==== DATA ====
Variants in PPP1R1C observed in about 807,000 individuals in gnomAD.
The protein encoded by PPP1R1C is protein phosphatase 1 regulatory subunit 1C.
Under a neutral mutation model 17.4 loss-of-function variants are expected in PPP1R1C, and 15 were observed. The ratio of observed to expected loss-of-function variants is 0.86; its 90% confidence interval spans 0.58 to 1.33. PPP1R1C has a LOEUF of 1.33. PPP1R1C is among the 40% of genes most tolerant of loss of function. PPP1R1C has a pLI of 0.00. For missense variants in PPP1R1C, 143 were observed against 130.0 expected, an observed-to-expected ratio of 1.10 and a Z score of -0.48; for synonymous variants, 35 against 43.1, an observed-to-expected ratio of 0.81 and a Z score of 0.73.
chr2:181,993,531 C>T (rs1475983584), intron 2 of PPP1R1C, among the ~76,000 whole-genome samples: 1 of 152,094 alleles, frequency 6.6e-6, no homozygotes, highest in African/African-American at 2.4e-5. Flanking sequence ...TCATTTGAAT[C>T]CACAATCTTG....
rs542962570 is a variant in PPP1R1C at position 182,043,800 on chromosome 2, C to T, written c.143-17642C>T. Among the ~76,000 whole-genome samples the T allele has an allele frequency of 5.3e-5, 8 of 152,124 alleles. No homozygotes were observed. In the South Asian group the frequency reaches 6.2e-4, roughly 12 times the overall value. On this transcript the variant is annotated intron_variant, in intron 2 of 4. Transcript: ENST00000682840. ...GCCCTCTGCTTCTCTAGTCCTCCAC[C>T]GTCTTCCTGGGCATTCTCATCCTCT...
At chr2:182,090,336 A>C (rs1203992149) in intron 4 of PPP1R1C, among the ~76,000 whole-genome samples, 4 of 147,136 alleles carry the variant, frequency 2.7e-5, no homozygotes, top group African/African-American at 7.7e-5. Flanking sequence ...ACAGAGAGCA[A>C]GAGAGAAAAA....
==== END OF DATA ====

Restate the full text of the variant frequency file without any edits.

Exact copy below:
Variants in PPP1R1C observed in about 807,000 individuals in gnomAD.
The protein encoded by PPP1R1C is protein phosphatase 1 regulatory subunit 1C.
Under a neutral mutation model 17.4 loss-of-function variants are expected in PPP1R1C, and 15 were observed. The ratio of observed to expected loss-of-function variants is 0.86; its 90% confidence interval spans 0.58 to 1.33. PPP1R1C has a LOEUF of 1.33. PPP1R1C is among the 40% of genes most tolerant of loss of function. PPP1R1C has a pLI of 0.00. For missense variants in PPP1R1C, 143 were observed against 130.0 expected, an observed-to-expected ratio of 1.10 and a Z score of -0.48; for synonymous variants, 35 against 43.1, an observed-to-expected ratio of 0.81 and a Z score of 0.73.
chr2:181,993,531 C>T (rs1475983584), intron 2 of PPP1R1C, among the ~76,000 whole-genome samples: 1 of 152,094 alleles, frequency 6.6e-6, no homozygotes, highest in African/African-American at 2.4e-5. Flanking sequence ...TCATTTGAAT[C>T]CACAATCTTG....
rs542962570 is a variant in PPP1R1C at position 182,043,800 on chromosome 2, C to T, written c.143-17642C>T. Among the ~76,000 whole-genome samples the T allele has an allele frequency of 5.3e-5, 8 of 152,124 alleles. No homozygotes were observed. In the South Asian group the frequency reaches 6.2e-4, roughly 12 times the overall value. On this transcript the variant is annotated intron_variant, in intron 2 of 4. Transcript: ENST00000682840. ...GCCCTCTGCTTCTCTAGTCCTCCAC[C>T]GTCTTCCTGGGCATTCTCATCCTCT...
At chr2:182,090,336 A>C (rs1203992149) in intron 4 of PPP1R1C, among the ~76,000 whole-genome samples, 4 of 147,136 alleles carry the variant, frequency 2.7e-5, no homozygotes, top group African/African-American at 7.7e-5. Flanking sequence ...ACAGAGAGCA[A>C]GAGAGAAAAA....